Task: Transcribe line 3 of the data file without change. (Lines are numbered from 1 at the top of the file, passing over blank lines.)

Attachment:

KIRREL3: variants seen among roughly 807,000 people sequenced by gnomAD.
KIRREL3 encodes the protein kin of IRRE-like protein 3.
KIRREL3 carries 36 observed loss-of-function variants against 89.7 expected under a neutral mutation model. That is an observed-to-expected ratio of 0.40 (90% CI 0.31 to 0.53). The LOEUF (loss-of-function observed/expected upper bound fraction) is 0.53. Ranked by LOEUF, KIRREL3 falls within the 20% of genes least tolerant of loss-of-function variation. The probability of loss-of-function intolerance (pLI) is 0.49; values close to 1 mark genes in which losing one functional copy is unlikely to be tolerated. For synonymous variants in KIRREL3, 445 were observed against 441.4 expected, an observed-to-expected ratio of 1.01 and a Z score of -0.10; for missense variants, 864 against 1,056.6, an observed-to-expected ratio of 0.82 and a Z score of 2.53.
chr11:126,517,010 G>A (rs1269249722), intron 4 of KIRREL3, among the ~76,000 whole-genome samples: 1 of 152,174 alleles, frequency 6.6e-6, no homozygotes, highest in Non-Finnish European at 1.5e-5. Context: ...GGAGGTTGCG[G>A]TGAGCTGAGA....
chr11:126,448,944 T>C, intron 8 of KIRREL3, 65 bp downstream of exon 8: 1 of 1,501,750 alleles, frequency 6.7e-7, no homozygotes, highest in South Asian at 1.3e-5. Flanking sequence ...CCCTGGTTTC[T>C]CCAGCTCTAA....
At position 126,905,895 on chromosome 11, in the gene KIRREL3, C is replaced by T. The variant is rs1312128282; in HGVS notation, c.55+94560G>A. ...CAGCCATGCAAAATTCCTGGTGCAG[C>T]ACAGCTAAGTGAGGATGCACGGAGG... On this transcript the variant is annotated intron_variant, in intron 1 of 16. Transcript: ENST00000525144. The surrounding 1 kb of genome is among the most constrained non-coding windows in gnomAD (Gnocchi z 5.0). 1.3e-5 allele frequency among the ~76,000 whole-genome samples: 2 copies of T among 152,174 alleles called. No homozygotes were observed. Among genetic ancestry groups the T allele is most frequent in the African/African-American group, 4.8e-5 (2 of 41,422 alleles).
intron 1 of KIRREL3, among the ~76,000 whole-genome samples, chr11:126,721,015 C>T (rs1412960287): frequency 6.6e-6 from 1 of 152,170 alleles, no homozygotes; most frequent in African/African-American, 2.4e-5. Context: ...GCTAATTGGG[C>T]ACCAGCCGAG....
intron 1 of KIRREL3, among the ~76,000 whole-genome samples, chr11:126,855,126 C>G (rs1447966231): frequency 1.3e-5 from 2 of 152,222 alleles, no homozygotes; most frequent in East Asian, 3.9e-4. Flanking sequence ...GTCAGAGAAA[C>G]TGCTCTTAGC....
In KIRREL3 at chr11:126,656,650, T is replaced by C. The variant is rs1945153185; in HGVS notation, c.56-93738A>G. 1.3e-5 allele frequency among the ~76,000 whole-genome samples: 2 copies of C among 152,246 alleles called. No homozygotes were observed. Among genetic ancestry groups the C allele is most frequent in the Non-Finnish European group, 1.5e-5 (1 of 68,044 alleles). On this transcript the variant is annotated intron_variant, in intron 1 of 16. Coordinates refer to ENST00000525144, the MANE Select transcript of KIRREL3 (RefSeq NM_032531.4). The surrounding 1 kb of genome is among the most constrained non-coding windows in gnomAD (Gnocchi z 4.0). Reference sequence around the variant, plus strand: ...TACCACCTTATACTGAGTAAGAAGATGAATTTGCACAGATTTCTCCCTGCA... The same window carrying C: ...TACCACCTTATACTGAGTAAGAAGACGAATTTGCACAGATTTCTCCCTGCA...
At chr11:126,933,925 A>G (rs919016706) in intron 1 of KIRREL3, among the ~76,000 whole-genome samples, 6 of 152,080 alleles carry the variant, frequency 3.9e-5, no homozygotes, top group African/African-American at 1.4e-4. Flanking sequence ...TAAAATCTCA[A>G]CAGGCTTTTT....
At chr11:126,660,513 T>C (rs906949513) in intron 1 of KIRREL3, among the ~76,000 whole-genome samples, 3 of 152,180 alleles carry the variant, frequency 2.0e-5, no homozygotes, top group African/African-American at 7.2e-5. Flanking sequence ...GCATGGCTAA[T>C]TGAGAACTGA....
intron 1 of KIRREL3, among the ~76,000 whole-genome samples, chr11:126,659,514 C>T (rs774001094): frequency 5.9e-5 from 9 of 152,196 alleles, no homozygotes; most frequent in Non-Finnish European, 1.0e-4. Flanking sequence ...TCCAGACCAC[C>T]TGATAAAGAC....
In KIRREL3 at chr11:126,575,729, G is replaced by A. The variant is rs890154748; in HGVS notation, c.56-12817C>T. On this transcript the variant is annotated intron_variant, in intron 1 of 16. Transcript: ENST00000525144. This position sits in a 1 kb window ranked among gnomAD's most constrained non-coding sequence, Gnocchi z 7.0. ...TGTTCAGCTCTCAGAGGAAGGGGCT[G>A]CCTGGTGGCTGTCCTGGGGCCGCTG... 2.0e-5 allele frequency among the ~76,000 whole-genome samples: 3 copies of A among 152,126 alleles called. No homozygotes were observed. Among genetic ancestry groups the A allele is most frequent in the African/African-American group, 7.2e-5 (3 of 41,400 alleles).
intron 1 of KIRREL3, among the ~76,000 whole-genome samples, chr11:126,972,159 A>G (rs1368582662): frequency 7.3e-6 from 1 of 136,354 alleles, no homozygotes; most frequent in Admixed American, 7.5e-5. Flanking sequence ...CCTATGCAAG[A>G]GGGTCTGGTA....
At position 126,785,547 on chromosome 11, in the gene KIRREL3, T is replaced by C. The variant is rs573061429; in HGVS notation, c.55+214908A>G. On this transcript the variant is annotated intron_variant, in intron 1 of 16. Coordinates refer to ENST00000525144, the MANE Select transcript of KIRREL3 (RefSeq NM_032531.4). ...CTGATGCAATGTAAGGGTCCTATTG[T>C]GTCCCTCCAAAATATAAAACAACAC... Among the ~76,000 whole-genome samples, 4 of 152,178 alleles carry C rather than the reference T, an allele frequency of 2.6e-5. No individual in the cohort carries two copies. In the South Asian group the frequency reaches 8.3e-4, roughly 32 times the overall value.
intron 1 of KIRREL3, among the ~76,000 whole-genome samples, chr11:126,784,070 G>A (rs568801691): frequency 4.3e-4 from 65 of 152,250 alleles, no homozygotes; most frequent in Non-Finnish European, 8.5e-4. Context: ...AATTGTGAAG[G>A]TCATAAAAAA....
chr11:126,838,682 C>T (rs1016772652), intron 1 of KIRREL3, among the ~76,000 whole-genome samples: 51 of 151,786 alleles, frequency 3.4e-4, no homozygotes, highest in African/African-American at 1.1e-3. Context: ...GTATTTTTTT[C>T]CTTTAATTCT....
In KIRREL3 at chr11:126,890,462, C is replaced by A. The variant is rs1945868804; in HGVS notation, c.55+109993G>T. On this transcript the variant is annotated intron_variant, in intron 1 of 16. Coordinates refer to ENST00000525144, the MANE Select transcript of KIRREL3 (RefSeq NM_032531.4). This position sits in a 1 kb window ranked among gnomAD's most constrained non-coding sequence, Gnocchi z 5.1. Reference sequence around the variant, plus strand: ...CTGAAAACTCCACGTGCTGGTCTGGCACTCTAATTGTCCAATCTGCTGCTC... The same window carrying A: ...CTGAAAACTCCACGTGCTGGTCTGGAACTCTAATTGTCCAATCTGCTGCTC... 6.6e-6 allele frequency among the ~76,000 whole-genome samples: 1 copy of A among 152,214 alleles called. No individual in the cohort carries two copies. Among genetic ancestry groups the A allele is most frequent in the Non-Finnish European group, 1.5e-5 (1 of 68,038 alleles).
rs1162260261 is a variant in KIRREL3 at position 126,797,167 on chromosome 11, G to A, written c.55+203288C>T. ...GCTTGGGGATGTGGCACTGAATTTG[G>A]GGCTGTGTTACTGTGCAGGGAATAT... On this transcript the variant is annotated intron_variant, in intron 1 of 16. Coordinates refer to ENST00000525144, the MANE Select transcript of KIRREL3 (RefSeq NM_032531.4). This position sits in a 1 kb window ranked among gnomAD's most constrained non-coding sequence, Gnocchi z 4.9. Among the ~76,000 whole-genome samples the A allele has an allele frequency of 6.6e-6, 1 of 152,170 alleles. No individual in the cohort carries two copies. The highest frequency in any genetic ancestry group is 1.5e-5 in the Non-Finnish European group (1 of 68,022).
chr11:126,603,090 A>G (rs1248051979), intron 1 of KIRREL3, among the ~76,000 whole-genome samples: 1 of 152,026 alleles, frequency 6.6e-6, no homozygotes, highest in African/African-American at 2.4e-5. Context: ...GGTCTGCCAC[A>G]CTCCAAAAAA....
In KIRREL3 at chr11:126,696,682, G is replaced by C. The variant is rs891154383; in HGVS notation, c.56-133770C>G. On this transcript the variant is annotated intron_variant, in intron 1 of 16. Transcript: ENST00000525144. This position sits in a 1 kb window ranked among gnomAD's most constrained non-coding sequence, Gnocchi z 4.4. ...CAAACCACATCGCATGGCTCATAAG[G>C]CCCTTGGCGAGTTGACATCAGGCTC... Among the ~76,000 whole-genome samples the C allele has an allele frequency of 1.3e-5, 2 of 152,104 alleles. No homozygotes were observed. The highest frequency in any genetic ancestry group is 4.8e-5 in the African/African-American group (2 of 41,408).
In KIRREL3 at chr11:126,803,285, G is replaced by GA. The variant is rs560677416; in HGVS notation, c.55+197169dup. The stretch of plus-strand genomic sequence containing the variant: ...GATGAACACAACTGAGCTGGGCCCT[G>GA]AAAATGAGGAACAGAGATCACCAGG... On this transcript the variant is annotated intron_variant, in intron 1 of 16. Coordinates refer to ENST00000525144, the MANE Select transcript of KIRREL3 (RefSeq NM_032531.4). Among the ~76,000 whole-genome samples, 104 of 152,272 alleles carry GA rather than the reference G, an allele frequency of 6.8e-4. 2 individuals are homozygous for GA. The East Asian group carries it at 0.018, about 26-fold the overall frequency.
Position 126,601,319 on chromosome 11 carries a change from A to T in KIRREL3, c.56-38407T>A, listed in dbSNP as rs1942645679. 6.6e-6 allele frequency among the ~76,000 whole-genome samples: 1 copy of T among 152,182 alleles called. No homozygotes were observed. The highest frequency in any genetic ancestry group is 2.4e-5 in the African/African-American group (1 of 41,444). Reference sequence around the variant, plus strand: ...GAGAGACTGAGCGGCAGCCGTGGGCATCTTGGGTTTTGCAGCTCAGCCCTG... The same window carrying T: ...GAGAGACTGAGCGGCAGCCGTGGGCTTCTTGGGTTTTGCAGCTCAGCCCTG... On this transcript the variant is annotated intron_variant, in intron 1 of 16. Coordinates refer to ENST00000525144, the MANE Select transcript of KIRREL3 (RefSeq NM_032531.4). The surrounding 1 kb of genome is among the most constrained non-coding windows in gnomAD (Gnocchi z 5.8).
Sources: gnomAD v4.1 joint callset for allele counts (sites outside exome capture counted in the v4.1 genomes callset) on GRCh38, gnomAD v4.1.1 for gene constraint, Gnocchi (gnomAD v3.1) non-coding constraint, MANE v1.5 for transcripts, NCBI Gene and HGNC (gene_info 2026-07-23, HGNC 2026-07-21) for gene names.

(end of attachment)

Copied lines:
KIRREL3 carries 36 observed loss-of-function variants against 89.7 expected under a neutral mutation model. That is an observed-to-expected ratio of 0.40 (90% CI 0.31 to 0.53). The LOEUF (loss-of-function observed/expected upper bound fraction) is 0.53. Ranked by LOEUF, KIRREL3 falls within the 20% of genes least tolerant of loss-of-function variation. The probability of loss-of-function intolerance (pLI) is 0.49; values close to 1 mark genes in which losing one functional copy is unlikely to be tolerated. For synonymous variants in KIRREL3, 445 were observed against 441.4 expected, an observed-to-expected ratio of 1.01 and a Z score of -0.10; for missense variants, 864 against 1,056.6, an observed-to-expected ratio of 0.82 and a Z score of 2.53.